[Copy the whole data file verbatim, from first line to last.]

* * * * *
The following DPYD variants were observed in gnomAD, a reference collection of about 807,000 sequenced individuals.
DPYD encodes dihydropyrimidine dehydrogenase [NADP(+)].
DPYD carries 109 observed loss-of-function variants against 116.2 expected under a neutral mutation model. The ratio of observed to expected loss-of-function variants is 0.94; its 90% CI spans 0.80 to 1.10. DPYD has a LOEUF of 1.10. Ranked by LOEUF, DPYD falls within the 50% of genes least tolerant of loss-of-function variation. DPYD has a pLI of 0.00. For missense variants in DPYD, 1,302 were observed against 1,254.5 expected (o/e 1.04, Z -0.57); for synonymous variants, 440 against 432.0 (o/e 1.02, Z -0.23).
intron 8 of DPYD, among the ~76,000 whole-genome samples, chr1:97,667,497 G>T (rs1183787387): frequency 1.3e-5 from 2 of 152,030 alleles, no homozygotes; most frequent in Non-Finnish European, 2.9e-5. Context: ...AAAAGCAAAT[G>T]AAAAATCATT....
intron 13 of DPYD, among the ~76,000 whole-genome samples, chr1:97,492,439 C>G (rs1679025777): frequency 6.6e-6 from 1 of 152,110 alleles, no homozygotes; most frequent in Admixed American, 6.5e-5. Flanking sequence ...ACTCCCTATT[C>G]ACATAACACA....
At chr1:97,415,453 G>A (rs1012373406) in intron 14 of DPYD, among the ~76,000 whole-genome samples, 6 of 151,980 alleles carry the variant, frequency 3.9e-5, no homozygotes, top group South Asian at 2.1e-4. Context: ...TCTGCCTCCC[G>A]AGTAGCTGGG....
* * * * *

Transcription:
The following DPYD variants were observed in gnomAD, a reference collection of about 807,000 sequenced individuals.
DPYD encodes dihydropyrimidine dehydrogenase [NADP(+)].
DPYD carries 109 observed loss-of-function variants against 116.2 expected under a neutral mutation model. The ratio of observed to expected loss-of-function variants is 0.94; its 90% CI spans 0.80 to 1.10. DPYD has a LOEUF of 1.10. Ranked by LOEUF, DPYD falls within the 50% of genes least tolerant of loss-of-function variation. DPYD has a pLI of 0.00. For missense variants in DPYD, 1,302 were observed against 1,254.5 expected (o/e 1.04, Z -0.57); for synonymous variants, 440 against 432.0 (o/e 1.02, Z -0.23).
intron 8 of DPYD, among the ~76,000 whole-genome samples, chr1:97,667,497 G>T (rs1183787387): frequency 1.3e-5 from 2 of 152,030 alleles, no homozygotes; most frequent in Non-Finnish European, 2.9e-5. Context: ...AAAAGCAAAT[G>T]AAAAATCATT....
intron 13 of DPYD, among the ~76,000 whole-genome samples, chr1:97,492,439 C>G (rs1679025777): frequency 6.6e-6 from 1 of 152,110 alleles, no homozygotes; most frequent in Admixed American, 6.5e-5. Flanking sequence ...ACTCCCTATT[C>G]ACATAACACA....
At chr1:97,415,453 G>A (rs1012373406) in intron 14 of DPYD, among the ~76,000 whole-genome samples, 6 of 151,980 alleles carry the variant, frequency 3.9e-5, no homozygotes, top group South Asian at 2.1e-4. Context: ...TCTGCCTCCC[G>A]AGTAGCTGGG....